Reddish Vale Park

A surprising escape

As a born and bred Stopfordian, I have become far too accustomed to what is here and admittedly doubtful of places I haven’t been before in my many years of exploration. I myself love Stockport more than most, finding contentment amongst its history, armed with a head torch and a camera.

Although for some time now there’s been one place on my radar which I was unsure of and a couple months ago I found myself restless, in an empty house with time on my hands and this location came to the forefront of my mind, like it was the most obvious thing in the world, Reddish Vale Park.

It’s green, it’s quiet, it’s an escape. One hour later I have a camera, supplies and lunch in my bag, hair in a tight bun, a tripod across my back and pedals beneath my feet.

Fast forward 15 minutes, I was nearing the entrance with a sweaty back for my trouble, wishing I had worn less layers and hell, I was actually surprised at what greeted me as I passed Reddish Vale School. The neighbourhood behind, descending into a world of green pastures, trees and lakes laughing as I went. This place wasn’t a park as much as it was a portal to the country; terrace houses yielded for cottages, concrete for grass, pigeons for ducks, traffic noise for bird song.

I glided past Reddish Vale Farm in between a couple cars, around some young families still beaming having just been in the petting area with spring’s new additions and through the open gate which was the park entrance. Two lakes were laid out in front of me, a bed of pulsating diamonds under the mid-day sun, the air was filled with chattering of birds, the atmosphere was one of a library.

In fact the only indicator that I was indeed still in Stockport, besides the thick accent of the families passing by, was the signature red brick viaduct streaming along the horizon carrying the occasional train over the valleys to Stalybridge. So irregularly that it stayed in my mind and on getting home I keyed into Google to find that according to a 2007/8 survey by National Rail, Reddish South Station is Britain’s least used station. Only 47 people got on and off throughout the duration of the survey!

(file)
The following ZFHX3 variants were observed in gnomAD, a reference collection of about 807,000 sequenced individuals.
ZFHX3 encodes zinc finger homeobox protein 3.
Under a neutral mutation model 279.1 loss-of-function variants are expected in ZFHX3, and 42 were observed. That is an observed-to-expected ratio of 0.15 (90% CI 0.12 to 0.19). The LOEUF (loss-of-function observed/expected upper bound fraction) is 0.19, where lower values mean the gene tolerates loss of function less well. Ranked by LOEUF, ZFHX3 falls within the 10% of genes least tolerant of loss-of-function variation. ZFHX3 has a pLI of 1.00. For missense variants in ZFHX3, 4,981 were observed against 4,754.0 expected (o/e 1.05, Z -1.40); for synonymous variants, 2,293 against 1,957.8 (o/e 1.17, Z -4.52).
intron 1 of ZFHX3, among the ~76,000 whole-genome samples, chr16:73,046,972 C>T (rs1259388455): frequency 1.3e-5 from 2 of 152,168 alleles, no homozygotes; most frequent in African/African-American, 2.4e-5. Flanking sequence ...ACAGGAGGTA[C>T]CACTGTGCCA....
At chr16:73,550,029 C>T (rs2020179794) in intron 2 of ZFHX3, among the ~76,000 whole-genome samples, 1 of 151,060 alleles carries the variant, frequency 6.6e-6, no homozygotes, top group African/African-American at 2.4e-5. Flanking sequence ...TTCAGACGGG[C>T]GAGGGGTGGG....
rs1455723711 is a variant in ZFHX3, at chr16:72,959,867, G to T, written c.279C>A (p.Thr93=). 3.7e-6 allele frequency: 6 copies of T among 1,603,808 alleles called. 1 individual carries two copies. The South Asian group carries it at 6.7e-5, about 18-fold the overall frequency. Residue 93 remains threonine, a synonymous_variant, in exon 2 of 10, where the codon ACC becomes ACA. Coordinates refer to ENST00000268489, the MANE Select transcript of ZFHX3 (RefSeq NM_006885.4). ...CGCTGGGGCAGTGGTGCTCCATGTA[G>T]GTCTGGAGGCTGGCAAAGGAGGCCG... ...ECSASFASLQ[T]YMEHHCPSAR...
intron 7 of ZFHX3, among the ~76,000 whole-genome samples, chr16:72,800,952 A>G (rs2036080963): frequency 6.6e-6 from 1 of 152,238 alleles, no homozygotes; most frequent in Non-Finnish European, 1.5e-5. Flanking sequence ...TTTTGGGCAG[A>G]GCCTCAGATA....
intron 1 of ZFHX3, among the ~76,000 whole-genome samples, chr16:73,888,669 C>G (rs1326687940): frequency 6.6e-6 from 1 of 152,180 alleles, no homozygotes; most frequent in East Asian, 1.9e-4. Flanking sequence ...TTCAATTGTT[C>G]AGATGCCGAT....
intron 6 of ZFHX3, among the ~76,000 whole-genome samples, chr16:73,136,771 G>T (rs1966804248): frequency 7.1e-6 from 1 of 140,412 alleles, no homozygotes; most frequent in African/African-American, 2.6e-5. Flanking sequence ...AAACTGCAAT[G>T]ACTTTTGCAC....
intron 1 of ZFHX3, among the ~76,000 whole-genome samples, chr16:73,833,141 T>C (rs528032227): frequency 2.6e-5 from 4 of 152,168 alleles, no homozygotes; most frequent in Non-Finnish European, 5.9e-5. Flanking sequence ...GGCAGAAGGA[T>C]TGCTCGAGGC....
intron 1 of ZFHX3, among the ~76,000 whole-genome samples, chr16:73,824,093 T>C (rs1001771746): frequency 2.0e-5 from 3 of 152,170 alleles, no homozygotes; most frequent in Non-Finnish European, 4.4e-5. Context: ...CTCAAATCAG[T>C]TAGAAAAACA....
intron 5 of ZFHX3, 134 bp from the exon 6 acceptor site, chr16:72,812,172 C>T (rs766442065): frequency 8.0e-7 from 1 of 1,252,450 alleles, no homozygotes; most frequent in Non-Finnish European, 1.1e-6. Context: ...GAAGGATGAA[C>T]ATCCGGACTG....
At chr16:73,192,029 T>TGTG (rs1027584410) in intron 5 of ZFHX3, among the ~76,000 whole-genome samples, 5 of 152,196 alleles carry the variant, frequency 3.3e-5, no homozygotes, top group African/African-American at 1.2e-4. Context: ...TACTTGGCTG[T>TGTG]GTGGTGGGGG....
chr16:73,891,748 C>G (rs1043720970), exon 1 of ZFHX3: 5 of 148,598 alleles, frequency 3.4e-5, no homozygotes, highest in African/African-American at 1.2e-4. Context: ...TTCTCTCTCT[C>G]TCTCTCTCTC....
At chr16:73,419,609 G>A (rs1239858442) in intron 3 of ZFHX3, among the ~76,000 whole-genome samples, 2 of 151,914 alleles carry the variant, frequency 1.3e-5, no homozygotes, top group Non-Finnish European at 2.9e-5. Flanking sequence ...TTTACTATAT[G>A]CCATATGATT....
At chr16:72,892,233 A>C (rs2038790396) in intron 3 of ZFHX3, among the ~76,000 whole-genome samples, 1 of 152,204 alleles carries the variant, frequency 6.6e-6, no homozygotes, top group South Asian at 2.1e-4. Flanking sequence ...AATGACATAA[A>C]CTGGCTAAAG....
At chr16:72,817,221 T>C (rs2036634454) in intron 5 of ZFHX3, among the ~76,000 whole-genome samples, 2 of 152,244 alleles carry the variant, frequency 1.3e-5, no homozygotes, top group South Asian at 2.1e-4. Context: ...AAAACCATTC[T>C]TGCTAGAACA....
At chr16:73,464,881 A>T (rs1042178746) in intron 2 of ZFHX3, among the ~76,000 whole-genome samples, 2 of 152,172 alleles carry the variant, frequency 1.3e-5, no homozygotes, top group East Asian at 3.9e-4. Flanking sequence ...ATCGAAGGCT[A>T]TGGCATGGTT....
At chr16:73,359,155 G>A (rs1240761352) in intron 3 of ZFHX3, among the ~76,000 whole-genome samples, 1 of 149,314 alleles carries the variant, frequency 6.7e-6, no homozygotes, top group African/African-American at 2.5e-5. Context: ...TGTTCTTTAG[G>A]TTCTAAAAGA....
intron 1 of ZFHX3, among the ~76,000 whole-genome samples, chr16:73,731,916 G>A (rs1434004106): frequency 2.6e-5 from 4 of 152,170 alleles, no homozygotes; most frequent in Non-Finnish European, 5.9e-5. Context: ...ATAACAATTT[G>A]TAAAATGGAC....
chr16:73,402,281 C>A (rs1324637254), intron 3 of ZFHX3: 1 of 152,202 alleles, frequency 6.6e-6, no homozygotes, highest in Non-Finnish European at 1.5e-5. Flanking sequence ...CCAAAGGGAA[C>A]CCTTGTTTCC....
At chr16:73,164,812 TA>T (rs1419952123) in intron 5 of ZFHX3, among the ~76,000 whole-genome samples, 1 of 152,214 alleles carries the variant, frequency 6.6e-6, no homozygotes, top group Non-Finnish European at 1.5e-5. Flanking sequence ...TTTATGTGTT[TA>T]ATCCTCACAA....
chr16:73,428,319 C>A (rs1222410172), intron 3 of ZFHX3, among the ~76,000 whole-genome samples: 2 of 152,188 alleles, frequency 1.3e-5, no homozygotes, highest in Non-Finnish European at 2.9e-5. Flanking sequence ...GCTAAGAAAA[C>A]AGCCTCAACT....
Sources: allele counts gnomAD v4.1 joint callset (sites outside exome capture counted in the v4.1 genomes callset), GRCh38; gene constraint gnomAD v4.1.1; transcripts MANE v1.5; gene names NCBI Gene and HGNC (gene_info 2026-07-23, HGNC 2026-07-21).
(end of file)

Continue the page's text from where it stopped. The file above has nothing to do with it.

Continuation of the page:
After locking up and peeling my shirt off my back, I attached my lens and walked down the first path I found and didn’t stop until the sun started to hide behind the horizon, through forests, fields and farmland, by river and in-between lakes.

What surprised me, apart from the scale (161 hectares), were the droves of birds churning up the water, their type more numerous than my fingers, many causing me to stop, switch lens and shoot.

In short, this place is definitely somewhere to go to escape even if for an hour or so with a picnic or a good book. I was left with a sense of peace and contentment one only gets by indulging in escapism, which I was in dire need of, staying with me through the steep assent up the hill, through the night and into the next day.

In conclusion, my lasting sentiment of this day was a positive one, leaving me with a head full of plans and a certainty that I’d be back, definitely.

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